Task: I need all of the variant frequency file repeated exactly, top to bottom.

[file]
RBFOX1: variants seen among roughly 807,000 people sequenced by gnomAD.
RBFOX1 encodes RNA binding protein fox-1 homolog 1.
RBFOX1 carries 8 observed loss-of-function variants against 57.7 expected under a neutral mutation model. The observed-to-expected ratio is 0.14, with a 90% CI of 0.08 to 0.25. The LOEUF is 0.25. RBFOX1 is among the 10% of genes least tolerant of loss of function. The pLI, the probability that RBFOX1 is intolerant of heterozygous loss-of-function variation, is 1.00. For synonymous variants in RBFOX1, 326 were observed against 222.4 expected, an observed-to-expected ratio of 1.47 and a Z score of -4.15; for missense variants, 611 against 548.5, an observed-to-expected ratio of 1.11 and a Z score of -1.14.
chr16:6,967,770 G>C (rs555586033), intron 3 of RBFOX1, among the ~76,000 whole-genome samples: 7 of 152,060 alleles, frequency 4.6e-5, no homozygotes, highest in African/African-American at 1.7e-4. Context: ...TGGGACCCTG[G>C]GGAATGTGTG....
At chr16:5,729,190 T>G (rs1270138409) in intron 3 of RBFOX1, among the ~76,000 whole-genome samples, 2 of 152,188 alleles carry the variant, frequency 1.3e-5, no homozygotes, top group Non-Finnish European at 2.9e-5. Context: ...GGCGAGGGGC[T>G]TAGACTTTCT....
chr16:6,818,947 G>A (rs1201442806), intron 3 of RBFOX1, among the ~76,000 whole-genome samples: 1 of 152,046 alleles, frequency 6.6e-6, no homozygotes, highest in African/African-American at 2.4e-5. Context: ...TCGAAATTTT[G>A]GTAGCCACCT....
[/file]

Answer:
RBFOX1: variants seen among roughly 807,000 people sequenced by gnomAD.
RBFOX1 encodes RNA binding protein fox-1 homolog 1.
RBFOX1 carries 8 observed loss-of-function variants against 57.7 expected under a neutral mutation model. The observed-to-expected ratio is 0.14, with a 90% CI of 0.08 to 0.25. The LOEUF is 0.25. RBFOX1 is among the 10% of genes least tolerant of loss of function. The pLI, the probability that RBFOX1 is intolerant of heterozygous loss-of-function variation, is 1.00. For synonymous variants in RBFOX1, 326 were observed against 222.4 expected, an observed-to-expected ratio of 1.47 and a Z score of -4.15; for missense variants, 611 against 548.5, an observed-to-expected ratio of 1.11 and a Z score of -1.14.
chr16:6,967,770 G>C (rs555586033), intron 3 of RBFOX1, among the ~76,000 whole-genome samples: 7 of 152,060 alleles, frequency 4.6e-5, no homozygotes, highest in African/African-American at 1.7e-4. Context: ...TGGGACCCTG[G>C]GGAATGTGTG....
At chr16:5,729,190 T>G (rs1270138409) in intron 3 of RBFOX1, among the ~76,000 whole-genome samples, 2 of 152,188 alleles carry the variant, frequency 1.3e-5, no homozygotes, top group Non-Finnish European at 2.9e-5. Context: ...GGCGAGGGGC[T>G]TAGACTTTCT....
chr16:6,818,947 G>A (rs1201442806), intron 3 of RBFOX1, among the ~76,000 whole-genome samples: 1 of 152,046 alleles, frequency 6.6e-6, no homozygotes, highest in African/African-American at 2.4e-5. Context: ...TCGAAATTTT[G>A]GTAGCCACCT....